Earlier, five-times Olympian and Sydney 2000 gold medallist Natalie Cook and fellow Australian Tamsin Hinchley lost to a Czech pair in Pool.
The defeat ended Cook's career, one of the most illustrious in the sport.
May-Treanor and Walsh had not dropped a set in their previous two matches but were uncharacteristically error-prone as they lost the first set 21-17 to Austrian sisters Doris and Stefanie Schwaiger in the same group.
"We came out a little bit flat and you can never ever come out flat in Olympic competition," Walsh said.
The Americans kept their cool and recovered to take the last two sets 21-8 15-10.
"Now the fun begins. We're going to see where the draw puts us. We have four more matches to win to become gold medallists, that's our goal," said Walsh.
"We're going to come out on fire. No more coming out flat."
It was an emotional night for Cook at Horse Guards Parade where the specially built 15,000-seat venue offers stunning views of the capital's skyline, lit up by the London Eye and Big Ben.
The 37-year-old, who won bronze in Atlanta in 1996 and gold in Sydney in 2000 with Kerri Pottharst, was in tears after she and Hinchley were beaten 21-16 18-21 15-11 by Marketa Slukova and Kristyna Kolocova.
The Australian pair are now out of the event after losing all three of their pool matches.
"I've been blessed. It's a privilege to be part of this Olympic team, to represent your country," said Cook, her voice cracking as the tears welled up.
"There are 10,000 athletes in the world every four years (at the Olympics) and I've done that five times. I couldn't be prouder of that.
"You just want to play more matches out there because it's so much fun except when you don't win and then you're stuck between devastation and excitement because of where you are and what it means," said Cook.
Earlier, US men's pair Sean Rosenthal and Jake Gibb produced an aggressive display of spiking to beat a strong Latvian pair, jumping to the top of Pool D and regaining confidence after losing to a Polish duo.
Gibb and Rosenthal, who were fifth in Beijing in 2008 and prepared for London by collecting a string of trophies, were out to make a point against Aleksandr Samoilovs and Ruslans Sorokins who had won their first two matches of the Games.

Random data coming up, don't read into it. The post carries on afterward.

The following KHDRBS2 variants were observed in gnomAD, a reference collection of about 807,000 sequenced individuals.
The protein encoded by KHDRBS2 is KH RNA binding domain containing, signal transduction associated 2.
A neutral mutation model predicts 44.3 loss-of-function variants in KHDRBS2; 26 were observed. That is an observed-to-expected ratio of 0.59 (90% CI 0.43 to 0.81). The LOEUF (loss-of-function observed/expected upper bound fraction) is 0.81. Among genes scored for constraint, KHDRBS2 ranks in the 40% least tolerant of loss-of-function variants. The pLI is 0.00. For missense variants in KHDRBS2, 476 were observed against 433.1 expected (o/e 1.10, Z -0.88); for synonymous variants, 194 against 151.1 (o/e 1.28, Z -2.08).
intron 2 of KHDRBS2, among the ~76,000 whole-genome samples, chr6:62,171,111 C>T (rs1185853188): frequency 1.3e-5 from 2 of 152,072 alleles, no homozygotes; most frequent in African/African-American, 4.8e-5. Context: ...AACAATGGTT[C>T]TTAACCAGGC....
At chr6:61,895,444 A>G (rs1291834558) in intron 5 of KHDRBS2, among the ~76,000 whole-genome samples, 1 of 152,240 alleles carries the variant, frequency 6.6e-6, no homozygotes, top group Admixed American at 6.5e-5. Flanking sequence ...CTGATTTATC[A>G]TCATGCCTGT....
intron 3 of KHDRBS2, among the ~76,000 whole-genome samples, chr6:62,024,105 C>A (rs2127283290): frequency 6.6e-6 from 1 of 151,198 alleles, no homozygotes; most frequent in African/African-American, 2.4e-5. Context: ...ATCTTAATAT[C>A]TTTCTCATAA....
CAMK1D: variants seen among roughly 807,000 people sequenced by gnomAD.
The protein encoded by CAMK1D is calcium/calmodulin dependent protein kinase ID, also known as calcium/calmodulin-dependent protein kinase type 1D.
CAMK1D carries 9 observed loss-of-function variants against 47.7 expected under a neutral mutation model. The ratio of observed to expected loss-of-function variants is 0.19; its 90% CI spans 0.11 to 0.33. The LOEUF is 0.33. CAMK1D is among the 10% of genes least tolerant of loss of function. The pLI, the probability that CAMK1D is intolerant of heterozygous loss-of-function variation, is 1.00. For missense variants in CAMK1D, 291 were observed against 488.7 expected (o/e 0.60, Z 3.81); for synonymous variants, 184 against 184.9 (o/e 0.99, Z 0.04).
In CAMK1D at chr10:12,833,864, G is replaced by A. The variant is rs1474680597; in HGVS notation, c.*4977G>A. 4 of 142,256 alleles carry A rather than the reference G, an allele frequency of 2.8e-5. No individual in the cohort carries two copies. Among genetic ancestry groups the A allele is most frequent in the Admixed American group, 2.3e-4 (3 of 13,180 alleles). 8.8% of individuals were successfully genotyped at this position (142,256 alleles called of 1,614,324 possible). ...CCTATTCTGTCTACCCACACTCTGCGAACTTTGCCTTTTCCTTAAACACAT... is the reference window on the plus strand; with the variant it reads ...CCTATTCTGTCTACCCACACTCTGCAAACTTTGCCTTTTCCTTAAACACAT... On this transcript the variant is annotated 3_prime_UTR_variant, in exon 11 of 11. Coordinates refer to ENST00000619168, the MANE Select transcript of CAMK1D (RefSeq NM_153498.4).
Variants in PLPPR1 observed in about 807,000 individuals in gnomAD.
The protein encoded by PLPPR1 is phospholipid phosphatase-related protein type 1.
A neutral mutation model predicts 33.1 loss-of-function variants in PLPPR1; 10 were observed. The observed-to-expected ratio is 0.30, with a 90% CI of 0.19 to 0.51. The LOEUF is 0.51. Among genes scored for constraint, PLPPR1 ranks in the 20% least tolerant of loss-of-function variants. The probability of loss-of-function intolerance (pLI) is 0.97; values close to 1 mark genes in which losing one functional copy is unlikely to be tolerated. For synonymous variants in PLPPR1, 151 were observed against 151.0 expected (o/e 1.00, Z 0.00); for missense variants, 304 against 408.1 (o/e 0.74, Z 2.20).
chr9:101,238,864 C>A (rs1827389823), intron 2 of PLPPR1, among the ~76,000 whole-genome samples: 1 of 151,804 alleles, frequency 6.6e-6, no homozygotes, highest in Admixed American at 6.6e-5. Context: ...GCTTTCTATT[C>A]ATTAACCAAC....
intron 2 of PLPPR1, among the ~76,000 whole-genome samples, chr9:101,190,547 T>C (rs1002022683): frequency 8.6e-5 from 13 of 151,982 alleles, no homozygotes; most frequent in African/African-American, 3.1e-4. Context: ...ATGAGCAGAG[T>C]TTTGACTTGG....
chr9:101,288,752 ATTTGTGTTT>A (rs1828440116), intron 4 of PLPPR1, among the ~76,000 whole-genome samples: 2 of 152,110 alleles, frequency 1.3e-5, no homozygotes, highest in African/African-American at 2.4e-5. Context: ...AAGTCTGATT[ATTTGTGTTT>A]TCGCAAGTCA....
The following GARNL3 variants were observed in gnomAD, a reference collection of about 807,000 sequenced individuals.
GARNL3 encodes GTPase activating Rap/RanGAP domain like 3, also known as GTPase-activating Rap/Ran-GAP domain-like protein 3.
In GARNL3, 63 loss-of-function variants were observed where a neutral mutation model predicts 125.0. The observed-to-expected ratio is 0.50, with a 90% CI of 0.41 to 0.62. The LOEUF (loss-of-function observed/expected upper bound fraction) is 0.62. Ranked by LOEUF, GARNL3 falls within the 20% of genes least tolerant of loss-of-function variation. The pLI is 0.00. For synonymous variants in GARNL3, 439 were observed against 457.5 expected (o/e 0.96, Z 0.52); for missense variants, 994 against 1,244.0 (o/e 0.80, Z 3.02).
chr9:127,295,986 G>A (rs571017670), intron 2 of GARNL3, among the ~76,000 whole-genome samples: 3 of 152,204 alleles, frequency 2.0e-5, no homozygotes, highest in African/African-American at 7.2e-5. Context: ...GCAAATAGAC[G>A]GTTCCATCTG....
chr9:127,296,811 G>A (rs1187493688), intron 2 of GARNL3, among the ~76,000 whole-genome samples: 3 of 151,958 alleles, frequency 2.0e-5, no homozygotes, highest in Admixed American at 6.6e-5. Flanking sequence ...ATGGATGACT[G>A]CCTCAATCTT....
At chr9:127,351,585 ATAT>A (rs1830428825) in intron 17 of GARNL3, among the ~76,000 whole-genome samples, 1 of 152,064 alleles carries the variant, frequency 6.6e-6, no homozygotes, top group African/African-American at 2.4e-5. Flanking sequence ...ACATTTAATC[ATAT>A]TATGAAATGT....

"We wanted to prove it to ourselves, that we still know how to play this game," said Gibb after the Americans won 21-10 21-16 on the hottest day of the tournament so far.
The crowds loved the combination of exciting matches, sunshine, great views, thumping music and dance routines performed by a troupe in retro beachwear.
Samoilovs, known as the Lion King for his unruly mane of blond curls, is a natural showman popular with the crowds.
"The Lion King roars," shouted the commentator after one impressive spike from the muscular Latvian, to huge cheers.
But there was little the pair could do against Gibb and Rosenthal and instead of roars of triumph the frustrated Samoilovs was reduced to thumping the sand with his fist.
The home fans were disappointed to see British pair Steve Grotowski and John Garcia-Thompson exit the tournament after losing for the third time.
The host nation's hopes now rest with the women's pair, Shauna Mullin and Zara Dampney who play their last pool match on Thursday.
Brazil's Juliana Felisberta and Larissa Franca, the main title rivals to May-Treanor and Walsh, beat Czech pair Hana Klapalova and Lenka Hajeckova by two sets to love to finish top of Pool A without dropping a set.
The South Americans were in imperious form, winning 21-12 21-18 with both players finding impossible angles on their spikes.